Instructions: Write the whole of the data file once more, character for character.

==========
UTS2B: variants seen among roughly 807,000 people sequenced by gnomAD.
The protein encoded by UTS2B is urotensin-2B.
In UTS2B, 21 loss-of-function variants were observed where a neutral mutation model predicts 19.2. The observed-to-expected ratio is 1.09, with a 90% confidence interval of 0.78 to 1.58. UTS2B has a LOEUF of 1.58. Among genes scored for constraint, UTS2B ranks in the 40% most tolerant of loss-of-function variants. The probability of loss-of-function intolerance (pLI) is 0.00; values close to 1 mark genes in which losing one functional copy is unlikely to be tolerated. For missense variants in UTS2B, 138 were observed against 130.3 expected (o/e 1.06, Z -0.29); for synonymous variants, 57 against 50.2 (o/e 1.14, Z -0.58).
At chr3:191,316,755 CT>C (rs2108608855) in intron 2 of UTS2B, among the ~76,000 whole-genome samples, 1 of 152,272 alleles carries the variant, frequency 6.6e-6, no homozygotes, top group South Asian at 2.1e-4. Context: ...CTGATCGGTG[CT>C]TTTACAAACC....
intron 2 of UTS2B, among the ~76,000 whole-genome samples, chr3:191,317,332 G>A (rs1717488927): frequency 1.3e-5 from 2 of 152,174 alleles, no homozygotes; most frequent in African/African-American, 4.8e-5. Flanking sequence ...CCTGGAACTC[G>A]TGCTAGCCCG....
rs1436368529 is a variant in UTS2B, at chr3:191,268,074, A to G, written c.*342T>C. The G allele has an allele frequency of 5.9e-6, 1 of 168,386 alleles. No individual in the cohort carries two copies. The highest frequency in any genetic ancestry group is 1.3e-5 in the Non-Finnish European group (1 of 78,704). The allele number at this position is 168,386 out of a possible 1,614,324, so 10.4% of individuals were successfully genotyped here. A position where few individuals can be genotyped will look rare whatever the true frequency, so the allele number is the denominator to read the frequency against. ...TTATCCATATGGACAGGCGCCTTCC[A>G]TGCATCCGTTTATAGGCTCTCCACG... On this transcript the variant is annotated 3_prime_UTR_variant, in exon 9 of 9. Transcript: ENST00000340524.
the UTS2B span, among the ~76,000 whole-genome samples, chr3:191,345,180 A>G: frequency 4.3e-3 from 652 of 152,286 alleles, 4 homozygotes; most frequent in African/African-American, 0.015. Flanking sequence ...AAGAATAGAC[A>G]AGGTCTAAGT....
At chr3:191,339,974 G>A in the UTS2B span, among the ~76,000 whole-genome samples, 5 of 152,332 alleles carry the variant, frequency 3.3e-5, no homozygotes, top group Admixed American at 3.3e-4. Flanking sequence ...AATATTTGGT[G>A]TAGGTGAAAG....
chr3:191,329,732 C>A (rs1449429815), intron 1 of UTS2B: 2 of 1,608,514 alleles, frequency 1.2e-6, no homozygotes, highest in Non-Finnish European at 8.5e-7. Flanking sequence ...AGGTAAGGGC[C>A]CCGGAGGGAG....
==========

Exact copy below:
UTS2B: variants seen among roughly 807,000 people sequenced by gnomAD.
The protein encoded by UTS2B is urotensin-2B.
In UTS2B, 21 loss-of-function variants were observed where a neutral mutation model predicts 19.2. The observed-to-expected ratio is 1.09, with a 90% confidence interval of 0.78 to 1.58. UTS2B has a LOEUF of 1.58. Among genes scored for constraint, UTS2B ranks in the 40% most tolerant of loss-of-function variants. The probability of loss-of-function intolerance (pLI) is 0.00; values close to 1 mark genes in which losing one functional copy is unlikely to be tolerated. For missense variants in UTS2B, 138 were observed against 130.3 expected (o/e 1.06, Z -0.29); for synonymous variants, 57 against 50.2 (o/e 1.14, Z -0.58).
At chr3:191,316,755 CT>C (rs2108608855) in intron 2 of UTS2B, among the ~76,000 whole-genome samples, 1 of 152,272 alleles carries the variant, frequency 6.6e-6, no homozygotes, top group South Asian at 2.1e-4. Context: ...CTGATCGGTG[CT>C]TTTACAAACC....
intron 2 of UTS2B, among the ~76,000 whole-genome samples, chr3:191,317,332 G>A (rs1717488927): frequency 1.3e-5 from 2 of 152,174 alleles, no homozygotes; most frequent in African/African-American, 4.8e-5. Flanking sequence ...CCTGGAACTC[G>A]TGCTAGCCCG....
rs1436368529 is a variant in UTS2B, at chr3:191,268,074, A to G, written c.*342T>C. The G allele has an allele frequency of 5.9e-6, 1 of 168,386 alleles. No individual in the cohort carries two copies. The highest frequency in any genetic ancestry group is 1.3e-5 in the Non-Finnish European group (1 of 78,704). The allele number at this position is 168,386 out of a possible 1,614,324, so 10.4% of individuals were successfully genotyped here. A position where few individuals can be genotyped will look rare whatever the true frequency, so the allele number is the denominator to read the frequency against. ...TTATCCATATGGACAGGCGCCTTCC[A>G]TGCATCCGTTTATAGGCTCTCCACG... On this transcript the variant is annotated 3_prime_UTR_variant, in exon 9 of 9. Transcript: ENST00000340524.
the UTS2B span, among the ~76,000 whole-genome samples, chr3:191,345,180 A>G: frequency 4.3e-3 from 652 of 152,286 alleles, 4 homozygotes; most frequent in African/African-American, 0.015. Flanking sequence ...AAGAATAGAC[A>G]AGGTCTAAGT....
At chr3:191,339,974 G>A in the UTS2B span, among the ~76,000 whole-genome samples, 5 of 152,332 alleles carry the variant, frequency 3.3e-5, no homozygotes, top group Admixed American at 3.3e-4. Flanking sequence ...AATATTTGGT[G>A]TAGGTGAAAG....
chr3:191,329,732 C>A (rs1449429815), intron 1 of UTS2B: 2 of 1,608,514 alleles, frequency 1.2e-6, no homozygotes, highest in Non-Finnish European at 8.5e-7. Flanking sequence ...AGGTAAGGGC[C>A]CCGGAGGGAG....